Arts: The experts' guide to being a misogynist

Two classic plays show the danger in messing with a woman scorned - let the world's men beware.
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The Independent Culture
A STUDY of female terrorists published a few years ago bore the arresting title Shoot the Women First, after an instruction commonly given to counter-insurgency forces - apparently women consistently prove the deadlier sex under ambush or threat, because they're less predictable, less amenable to reason.

It's a view few would quibble with after seeing either of these two Citizens' studio productions, ancient and modern variations on the theme of messing with a determined female at your peril.

Clare Venables's new version of Seneca's classic tragedy Medea, directed and designed by Stewart Laing, plays the piece fairly straight in terms of structure and language, albeit sprinkling the text with nods to later revenge narratives, including Congreve's immortal "Hell hath no fury..." line.

Combined with the archly incongruous society-wedding costumes, this echo effect subtly heightens the story's elemental timelessness, even as Venables gives due sensuous prominence to the original's epic descriptive passages. The taffeta suits and full-dress kilt regalia also, and with equal understatement, underline the fact that at the root of Medea's betrayal by Jason lie money and material power.

Kathy Kiera Clarke as Medea rightly commands centre-stage with a performance of riveting intensity and poise, an anguished fusion of gigantic, terrifying rage and bottomless grief. She, together with Ellen Sheean and Leonard Kavanagh, both on strong form as a slightly sniffy but increasingly alarmed Chorus, fill the near-bare space with vivid verbal tableaux from the drama's mythic background, recounting Medea's key role in capturing the golden fleece and saving the Argonauts, the very feats for which she's now decried.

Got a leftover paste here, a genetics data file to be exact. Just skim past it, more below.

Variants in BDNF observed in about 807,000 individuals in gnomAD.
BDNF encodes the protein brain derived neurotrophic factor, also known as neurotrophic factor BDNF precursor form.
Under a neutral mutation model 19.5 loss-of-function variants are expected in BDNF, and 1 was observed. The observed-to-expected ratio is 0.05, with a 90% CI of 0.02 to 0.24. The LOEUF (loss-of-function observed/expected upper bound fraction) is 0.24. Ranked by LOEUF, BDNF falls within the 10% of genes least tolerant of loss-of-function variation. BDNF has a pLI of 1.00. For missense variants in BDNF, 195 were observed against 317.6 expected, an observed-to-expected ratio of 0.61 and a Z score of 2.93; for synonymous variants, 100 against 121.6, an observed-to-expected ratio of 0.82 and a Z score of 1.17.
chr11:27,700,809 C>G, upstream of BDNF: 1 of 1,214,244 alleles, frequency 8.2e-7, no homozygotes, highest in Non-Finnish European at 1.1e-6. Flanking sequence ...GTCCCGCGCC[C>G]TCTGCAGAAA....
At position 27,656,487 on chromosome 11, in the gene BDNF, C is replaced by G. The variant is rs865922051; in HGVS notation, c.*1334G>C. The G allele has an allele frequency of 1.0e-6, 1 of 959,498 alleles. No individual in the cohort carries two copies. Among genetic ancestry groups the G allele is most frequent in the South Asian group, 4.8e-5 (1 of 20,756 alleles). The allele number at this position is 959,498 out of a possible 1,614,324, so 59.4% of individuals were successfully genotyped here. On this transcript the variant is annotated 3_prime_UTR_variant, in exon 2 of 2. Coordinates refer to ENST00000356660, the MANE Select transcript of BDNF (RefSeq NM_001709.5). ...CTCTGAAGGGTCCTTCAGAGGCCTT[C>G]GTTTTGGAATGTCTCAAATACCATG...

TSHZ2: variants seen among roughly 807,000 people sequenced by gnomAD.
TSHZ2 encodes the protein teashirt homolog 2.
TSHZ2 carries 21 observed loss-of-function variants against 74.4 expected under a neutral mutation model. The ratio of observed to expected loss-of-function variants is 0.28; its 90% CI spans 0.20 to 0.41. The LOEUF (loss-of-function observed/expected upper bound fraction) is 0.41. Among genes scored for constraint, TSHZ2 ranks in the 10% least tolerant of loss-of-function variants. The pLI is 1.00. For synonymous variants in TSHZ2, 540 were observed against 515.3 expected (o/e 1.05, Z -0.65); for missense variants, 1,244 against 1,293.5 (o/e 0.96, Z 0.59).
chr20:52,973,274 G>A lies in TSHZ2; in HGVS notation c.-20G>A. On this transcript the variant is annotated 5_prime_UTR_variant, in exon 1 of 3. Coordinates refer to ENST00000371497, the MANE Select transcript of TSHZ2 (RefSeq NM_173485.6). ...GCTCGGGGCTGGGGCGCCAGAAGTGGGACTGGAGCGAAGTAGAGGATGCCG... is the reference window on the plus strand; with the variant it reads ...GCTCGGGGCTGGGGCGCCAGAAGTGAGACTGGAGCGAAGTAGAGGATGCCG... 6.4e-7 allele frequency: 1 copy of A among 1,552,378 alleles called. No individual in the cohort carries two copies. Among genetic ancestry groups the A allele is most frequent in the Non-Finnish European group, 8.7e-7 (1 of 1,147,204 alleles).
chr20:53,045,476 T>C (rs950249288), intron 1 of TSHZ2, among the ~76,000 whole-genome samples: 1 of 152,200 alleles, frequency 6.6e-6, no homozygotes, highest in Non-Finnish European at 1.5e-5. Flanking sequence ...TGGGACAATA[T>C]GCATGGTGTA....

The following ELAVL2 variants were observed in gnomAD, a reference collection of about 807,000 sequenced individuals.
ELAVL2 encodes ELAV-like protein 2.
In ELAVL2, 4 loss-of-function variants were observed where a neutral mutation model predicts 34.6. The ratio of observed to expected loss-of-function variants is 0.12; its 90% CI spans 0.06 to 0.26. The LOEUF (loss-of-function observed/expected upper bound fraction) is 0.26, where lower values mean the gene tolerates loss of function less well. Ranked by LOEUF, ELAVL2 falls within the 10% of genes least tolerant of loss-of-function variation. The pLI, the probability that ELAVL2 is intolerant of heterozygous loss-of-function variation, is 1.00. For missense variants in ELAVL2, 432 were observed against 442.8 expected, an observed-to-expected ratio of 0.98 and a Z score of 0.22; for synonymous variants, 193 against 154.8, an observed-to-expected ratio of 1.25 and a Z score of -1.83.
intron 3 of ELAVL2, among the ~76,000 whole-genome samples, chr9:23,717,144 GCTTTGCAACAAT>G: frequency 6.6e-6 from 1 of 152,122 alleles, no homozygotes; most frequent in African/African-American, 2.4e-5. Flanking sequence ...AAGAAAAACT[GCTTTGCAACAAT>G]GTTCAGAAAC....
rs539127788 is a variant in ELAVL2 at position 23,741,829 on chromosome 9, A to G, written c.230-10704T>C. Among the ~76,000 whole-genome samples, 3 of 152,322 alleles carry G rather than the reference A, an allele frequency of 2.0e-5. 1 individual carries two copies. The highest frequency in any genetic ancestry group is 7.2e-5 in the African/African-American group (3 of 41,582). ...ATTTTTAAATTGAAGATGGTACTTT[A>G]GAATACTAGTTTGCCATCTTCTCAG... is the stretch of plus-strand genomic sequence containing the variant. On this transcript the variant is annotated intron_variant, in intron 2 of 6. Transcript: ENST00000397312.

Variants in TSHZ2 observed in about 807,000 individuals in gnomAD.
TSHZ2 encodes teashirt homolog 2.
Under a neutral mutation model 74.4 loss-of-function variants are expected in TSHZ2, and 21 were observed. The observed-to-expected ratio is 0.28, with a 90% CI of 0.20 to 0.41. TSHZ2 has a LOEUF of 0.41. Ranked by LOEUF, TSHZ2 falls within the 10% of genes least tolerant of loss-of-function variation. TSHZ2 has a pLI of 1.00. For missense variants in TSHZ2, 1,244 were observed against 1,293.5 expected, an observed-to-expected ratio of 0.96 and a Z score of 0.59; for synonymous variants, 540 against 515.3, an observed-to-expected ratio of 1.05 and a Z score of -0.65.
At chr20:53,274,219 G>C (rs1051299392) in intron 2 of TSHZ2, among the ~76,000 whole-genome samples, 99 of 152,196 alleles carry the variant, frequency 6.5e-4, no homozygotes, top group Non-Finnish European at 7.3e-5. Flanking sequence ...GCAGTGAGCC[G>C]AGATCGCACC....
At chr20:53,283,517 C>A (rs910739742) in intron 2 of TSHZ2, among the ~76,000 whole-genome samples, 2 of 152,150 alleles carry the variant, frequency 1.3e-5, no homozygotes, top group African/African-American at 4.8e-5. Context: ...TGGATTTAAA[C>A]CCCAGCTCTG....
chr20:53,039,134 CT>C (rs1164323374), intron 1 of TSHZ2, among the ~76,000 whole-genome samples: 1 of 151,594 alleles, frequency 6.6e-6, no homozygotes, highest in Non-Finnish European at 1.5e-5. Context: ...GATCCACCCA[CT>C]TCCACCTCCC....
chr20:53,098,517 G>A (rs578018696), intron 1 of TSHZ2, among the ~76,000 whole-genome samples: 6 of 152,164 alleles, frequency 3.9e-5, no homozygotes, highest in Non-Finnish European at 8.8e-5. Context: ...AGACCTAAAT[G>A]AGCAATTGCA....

Gerrard McArthur's Creon pits a fine, steely coldness against Clarke's incandescence, while Pascal Langdale as Jason strikes an effective balance between defensive arrogance and hapless incomprehension.

Those same last attributes are also abundantly displayed by David Mamet's college professor, John, in the second act of his (in)famous two-hander Oleanna, which is widely, though erroneously, regarded as an attack on political correctness.

To interpret it as such is to fall headlong into the very trap in which Mamet so cunningly and meticulously ensnares John, as virtually his every act and utterance during the first half stacks up his culpability - ethically if not always literally - for the charges later laid against him by his aggrieved student, Carol.

The point being that his constant interruptions, his condescension, his vanity and his presumptions of superiority all add up to entirely normal, un-noteworthy behaviour for a man in his position, whereas Carol's turning of the tables transgresses umpteen expectations of the younger, poorer, lesser educated female party. "Can you deny it?" she demands repeatedly of her accusations, the crucial - and glaring, for those willing to see it - point being that indeed he cannot.

Complementing and powerfully committed performances from Peter Guinness and Lorna McDevitt sustain the characters' destructive symbiosis on both an individual and an emblematic level, each fluently at ease with the jostling nuances and staccato rhythms of Mamet's intricately crafted dialogue.

To 21 Nov, Citizens Theatre, Glasgow (booking: 0141-429 0022)

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